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I used to venture the camaro5 forums a few years ago and there is a wealth of knowledge over there about catch cans. This below was a post that I read a few years ago that really stuck to me so I thought it would be prudent to share. It is by a knowledgeable engine builder that is well respected in the ranks. I had a catch can on my camaro and drain it every oil change. I always got about 3-4oz of oil in there. It is possible that the LS3 engines have more blow by but the information still applies.

The biggest thing is that I got out of it was that oil vapors ingested into the intake lowers the octane of the fuel.

The issues of oil ingestion into the intake air charge

You want NO oil in the intake air charge, only air & fuel (and the combustable combustion byproducts that enter the crankcase via blow-by). Any oil reduces the amount of usable octaine and also causes detonation. Both result in less energy released per explosive event and detonation is destructive. The cars today have very effective knock sensors so you will never hear the "marble rattle" of detonation before the ECU pulls timing to eliminate it, but when doing so you loose power & fuel economy.

The long term harmful effects are the carbon & "gunk" buildup on the valve tulips, piston tops, ring lands, and combustion chamber.

Any time build up occurs the volumetric efficiency of the port designs and flow suffers and is negatively affected. The burn pattern quench area, etc. all cease to work as designed. Then you have the deposits causing stuck rings and when the hard abrasive carbon particles/deposits break loose some are forced past the rings and cause scoring and acellerated wear.

Catch cans. Most on the market are just empty cans with to fittings added and even though many look awesome, only a handfull are actually truely effective in trapping all or nearly all the oil before it can enter the intake air charge.

Even a beer can will trap oil if two fittings are added (yes, we tested one as a joke...and it worked as well as most cans sold today).

Most cans are far to small so the velocity, or speed of the flow through them pulls most oil right through and out into the intake. (take a small hose, add a teaspoon of water, and blow lightly. ALL the water is forced out. Now take a 3/4" heater hose and do the water or amost none will be forced through).

Then, most have the outlet & inlet close to each other so the crankcase gasses never have a chance to cool, condense, and the oil allowed to fall out of suspension. I see some of the nicest looking and quality in appearance do a poor job at best as they have coalescing filter materila in both the inlet & outlet so as long as the motor is running, and there is flow through only the lrgest drops get caught, the rest just pulls right through the can and into the intake. These catch oil when the motor is off and there is no flow through as the filter media willdrip down what has neen saturated so when you open or drian them you see oil and assume it works. The goal is to trap ALL or nearly all the oil to prevent the issues outlined above.

I should mention, after installing the RX can we see 1-3 mpg improvement over stock.

Now, some will ask, "why not just delete the PCV and run breathers"? This is where we find the PCV system is the most misunderstood system on cars today and almost NO techs today, or aftermarket performance shops/vendors understand. First, most beleive it is just to releive excess crankcase pressure. This is true, but it does far more. Every internal combustion engine has a small amount of blow-by even if sealed well. This blow-by consists of unburnt fuel, water vapor,carbon particles (very abrasive), sulfer, and other compounds that are harmfull to the motor and the PCV system evacuates, or "flushes" these compounds out while they are still suspended in the gasses. If they are NOT evacuated before the enginne is shut down and cooled, they condense and mix into the oil. The moost damaging are the fuel as it dilutes the oil, the carbon particles (to small for the oil filter to remove) as they are very abbrasive, and the water & sulfur, and other compounds mix to form sulfuric acid. An oil analysis will show the levels of these compounds as well as other metals from wear. The sulfuric acid after it reaches a certain PPM will begin to etch the bearing & journals surfaces leading to premature wear and possible failure. The water causes corrosion.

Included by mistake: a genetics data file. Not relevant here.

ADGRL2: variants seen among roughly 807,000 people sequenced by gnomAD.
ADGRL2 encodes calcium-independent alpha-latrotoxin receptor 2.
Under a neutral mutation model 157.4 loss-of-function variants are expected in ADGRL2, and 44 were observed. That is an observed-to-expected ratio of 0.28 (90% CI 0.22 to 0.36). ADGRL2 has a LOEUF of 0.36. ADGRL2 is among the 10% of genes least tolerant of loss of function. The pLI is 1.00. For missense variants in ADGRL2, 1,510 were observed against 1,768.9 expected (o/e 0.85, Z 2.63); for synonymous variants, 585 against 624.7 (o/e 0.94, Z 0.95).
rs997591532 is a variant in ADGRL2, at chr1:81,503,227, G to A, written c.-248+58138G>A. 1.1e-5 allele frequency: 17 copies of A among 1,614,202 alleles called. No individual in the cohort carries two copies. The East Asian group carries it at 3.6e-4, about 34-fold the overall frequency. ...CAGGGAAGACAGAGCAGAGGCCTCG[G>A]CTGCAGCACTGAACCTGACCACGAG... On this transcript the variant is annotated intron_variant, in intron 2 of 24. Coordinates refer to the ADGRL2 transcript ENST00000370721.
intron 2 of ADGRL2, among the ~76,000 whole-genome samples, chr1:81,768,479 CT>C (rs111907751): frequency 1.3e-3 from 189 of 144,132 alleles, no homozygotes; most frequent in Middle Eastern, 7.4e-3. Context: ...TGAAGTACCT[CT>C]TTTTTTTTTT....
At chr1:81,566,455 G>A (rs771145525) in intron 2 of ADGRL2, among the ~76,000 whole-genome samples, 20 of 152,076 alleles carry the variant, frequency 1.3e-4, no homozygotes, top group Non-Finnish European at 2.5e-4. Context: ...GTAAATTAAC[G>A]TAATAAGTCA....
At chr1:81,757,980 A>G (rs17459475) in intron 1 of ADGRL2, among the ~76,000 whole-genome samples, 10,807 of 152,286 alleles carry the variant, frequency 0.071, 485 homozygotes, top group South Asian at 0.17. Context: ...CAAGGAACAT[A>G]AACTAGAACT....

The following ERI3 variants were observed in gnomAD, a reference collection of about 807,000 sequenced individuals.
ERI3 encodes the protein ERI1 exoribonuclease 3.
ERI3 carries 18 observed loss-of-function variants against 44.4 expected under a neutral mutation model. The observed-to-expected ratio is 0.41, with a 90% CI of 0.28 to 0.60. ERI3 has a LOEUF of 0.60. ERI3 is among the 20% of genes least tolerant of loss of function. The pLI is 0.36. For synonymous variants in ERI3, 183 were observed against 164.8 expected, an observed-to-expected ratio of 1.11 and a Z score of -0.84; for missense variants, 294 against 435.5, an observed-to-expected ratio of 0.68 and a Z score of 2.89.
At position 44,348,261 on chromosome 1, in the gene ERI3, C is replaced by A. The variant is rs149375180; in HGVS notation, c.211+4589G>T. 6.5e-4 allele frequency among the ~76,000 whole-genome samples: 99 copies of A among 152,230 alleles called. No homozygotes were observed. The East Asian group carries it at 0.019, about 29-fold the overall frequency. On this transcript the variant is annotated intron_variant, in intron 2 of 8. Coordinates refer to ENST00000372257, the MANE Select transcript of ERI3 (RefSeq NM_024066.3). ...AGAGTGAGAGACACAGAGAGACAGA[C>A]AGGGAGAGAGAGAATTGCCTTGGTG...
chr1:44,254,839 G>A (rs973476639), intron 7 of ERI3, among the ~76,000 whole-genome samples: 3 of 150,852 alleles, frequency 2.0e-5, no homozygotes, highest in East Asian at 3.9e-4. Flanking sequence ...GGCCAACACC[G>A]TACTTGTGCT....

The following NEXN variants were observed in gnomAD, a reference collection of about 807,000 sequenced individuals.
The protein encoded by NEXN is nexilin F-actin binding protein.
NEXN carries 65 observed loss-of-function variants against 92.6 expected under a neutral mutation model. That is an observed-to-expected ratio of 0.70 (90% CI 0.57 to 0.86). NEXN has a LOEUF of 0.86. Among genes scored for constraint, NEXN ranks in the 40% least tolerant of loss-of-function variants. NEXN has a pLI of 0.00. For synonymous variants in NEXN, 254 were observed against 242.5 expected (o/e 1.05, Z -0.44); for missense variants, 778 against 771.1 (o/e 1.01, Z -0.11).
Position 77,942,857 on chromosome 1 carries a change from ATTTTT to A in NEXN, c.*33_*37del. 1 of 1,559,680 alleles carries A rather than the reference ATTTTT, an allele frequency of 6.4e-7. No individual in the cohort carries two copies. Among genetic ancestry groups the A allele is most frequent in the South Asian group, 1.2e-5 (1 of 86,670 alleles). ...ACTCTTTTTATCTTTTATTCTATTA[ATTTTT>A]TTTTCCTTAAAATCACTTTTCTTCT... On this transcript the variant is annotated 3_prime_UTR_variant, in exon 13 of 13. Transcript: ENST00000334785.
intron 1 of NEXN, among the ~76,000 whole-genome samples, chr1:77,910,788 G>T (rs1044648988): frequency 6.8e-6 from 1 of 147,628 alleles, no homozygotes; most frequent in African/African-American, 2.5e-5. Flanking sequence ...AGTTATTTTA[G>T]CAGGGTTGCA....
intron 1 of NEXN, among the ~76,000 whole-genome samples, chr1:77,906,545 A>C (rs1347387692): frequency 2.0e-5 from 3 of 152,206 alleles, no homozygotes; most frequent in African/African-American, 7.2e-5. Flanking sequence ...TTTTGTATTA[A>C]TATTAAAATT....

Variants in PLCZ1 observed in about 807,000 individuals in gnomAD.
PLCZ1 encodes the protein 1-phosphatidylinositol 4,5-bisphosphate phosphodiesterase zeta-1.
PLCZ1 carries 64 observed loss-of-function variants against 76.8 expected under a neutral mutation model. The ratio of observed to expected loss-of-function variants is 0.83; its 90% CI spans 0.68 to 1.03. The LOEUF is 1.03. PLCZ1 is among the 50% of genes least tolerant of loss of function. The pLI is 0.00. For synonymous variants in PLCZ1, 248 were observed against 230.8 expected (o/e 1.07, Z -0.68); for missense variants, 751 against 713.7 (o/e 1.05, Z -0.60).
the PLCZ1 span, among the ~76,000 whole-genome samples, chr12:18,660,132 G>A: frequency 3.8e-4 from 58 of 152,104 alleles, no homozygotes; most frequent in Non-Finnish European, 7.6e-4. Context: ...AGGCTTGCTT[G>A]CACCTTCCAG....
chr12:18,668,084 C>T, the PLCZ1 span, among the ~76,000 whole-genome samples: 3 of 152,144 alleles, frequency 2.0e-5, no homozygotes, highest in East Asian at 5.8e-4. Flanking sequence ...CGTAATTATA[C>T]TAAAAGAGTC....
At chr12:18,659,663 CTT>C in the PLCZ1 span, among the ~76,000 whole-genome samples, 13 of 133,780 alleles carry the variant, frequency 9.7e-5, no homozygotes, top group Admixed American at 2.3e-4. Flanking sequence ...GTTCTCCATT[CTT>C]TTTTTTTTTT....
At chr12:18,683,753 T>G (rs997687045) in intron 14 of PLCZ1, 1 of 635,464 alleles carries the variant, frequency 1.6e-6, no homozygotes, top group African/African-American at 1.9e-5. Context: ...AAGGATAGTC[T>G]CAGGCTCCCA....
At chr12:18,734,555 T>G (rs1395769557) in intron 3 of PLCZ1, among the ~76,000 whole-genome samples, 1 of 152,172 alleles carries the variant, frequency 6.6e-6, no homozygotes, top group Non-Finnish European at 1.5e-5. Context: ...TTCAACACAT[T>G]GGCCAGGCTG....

This is a condensed explanation but one that most can follow and understand. Techs the last few generations have been trained only to diagnose and swap parts...not how these systems work so we are "dumbing down" service techs to just be flat-rate parts changers so very few dealer service departments know any of this any more.

Visualize how a crankcase is evacuated properly. On the 3.6, metered,filtered fresh air enters the rear of the drivers side valve cover, trvels around the valve train, down the oil returns, through the crankcase, (all the time pulling and flushing these compounds with it), up the passenger side past the valve train and out the rear of the passenger side valve cover where it is drawn into the intake manifold and is burned in the combustion chamber and further in the cats.

A proper functioning catchcan is simply plumbed inline between the passenger side valve cover oulet and the center of the intake manifold so it can condense and trap the oil before it enters the intake air charge. They need to be emptied every oil change, and the oil is NOT to be resued as it is full of contaminates. Dispose of with the rest of the drain oil properly.

benefits from catch can - Camaro5 Chevy Camaro Forum / Camaro ZL1, SS and V6 Forums -
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